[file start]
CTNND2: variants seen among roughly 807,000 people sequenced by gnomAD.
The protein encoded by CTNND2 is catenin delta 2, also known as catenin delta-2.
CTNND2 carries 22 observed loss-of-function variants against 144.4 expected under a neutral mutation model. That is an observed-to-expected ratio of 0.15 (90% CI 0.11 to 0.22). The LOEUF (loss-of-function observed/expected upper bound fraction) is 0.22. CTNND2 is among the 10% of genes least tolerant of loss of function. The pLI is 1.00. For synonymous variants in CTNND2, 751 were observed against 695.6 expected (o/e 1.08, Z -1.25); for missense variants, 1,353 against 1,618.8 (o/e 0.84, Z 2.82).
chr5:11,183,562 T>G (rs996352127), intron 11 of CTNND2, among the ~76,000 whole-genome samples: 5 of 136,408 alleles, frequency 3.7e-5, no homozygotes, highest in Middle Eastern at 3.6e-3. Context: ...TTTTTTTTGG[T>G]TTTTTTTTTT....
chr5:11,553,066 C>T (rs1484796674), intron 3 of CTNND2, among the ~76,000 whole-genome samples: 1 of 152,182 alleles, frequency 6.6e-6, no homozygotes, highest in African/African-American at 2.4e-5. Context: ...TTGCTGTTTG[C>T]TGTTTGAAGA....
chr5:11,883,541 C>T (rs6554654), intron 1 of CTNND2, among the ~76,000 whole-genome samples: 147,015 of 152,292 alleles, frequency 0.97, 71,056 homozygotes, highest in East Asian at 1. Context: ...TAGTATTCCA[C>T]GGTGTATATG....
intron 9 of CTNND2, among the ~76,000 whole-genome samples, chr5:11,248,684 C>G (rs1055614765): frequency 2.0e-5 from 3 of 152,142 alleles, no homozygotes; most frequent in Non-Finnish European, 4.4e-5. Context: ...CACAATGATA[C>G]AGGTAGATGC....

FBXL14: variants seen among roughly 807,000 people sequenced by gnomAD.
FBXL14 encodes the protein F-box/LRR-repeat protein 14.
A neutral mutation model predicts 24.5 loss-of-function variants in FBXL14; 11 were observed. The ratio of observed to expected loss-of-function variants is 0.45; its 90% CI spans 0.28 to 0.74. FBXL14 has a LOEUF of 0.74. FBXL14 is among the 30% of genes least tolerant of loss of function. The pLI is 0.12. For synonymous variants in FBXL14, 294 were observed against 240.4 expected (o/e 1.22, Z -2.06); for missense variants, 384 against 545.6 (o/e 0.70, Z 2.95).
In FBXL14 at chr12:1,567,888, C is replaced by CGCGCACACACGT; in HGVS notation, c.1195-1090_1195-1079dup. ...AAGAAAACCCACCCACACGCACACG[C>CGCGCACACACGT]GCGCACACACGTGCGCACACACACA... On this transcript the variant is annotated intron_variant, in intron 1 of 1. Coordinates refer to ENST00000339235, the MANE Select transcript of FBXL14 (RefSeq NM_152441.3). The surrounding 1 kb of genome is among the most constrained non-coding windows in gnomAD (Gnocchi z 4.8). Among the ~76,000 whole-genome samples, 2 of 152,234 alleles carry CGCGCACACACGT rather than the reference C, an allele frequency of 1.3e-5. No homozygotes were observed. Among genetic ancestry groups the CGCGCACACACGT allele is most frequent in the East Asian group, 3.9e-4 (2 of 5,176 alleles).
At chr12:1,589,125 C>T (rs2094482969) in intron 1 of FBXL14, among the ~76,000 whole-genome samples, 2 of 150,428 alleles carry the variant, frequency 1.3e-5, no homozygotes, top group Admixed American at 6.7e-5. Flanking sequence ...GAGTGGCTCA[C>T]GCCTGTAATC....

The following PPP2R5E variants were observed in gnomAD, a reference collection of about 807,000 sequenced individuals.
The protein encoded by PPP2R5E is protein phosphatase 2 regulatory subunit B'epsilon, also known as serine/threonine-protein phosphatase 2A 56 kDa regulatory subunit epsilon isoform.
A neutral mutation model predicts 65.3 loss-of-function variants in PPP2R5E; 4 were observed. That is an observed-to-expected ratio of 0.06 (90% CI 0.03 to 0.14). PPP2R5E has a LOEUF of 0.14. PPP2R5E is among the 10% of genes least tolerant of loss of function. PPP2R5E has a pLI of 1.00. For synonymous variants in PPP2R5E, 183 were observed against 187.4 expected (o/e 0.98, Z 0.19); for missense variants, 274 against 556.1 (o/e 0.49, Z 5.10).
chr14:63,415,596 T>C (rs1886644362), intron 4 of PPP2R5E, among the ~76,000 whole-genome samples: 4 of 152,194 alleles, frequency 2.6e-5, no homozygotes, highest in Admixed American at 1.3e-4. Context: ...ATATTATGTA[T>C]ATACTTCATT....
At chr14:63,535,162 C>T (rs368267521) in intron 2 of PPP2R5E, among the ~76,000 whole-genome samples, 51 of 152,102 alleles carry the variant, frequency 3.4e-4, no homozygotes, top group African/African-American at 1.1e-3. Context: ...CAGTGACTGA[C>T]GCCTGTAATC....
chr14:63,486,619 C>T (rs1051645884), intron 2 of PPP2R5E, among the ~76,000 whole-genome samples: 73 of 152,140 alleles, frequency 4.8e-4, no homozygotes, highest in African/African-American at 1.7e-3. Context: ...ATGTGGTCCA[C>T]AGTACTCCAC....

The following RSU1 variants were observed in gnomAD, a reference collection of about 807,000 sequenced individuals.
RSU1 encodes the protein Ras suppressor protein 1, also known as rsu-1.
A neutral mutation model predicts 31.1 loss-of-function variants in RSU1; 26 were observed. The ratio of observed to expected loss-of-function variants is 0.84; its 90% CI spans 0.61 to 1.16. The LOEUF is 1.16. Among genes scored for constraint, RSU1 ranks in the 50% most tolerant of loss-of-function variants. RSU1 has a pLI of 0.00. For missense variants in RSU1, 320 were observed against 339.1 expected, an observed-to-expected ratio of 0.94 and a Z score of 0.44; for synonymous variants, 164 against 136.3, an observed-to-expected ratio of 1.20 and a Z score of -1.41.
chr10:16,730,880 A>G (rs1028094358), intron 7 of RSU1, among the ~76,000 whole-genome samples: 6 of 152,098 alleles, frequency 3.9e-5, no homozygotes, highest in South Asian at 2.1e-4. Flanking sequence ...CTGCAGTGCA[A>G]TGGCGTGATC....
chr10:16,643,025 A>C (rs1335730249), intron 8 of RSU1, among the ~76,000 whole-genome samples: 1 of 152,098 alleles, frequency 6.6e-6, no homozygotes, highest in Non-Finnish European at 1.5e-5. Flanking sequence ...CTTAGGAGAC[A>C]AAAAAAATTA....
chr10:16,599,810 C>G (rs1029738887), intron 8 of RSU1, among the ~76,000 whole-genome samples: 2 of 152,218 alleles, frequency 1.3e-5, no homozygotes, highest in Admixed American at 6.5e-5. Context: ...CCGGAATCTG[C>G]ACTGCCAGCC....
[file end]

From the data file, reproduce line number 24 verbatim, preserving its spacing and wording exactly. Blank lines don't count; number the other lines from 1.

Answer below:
chr10:16,599,810 C>G (rs1029738887), intron 8 of RSU1, among the ~76,000 whole-genome samples: 2 of 152,218 alleles, frequency 1.3e-5, no homozygotes, highest in Admixed American at 6.5e-5. Context: ...CCGGAATCTG[C>G]ACTGCCAGCC....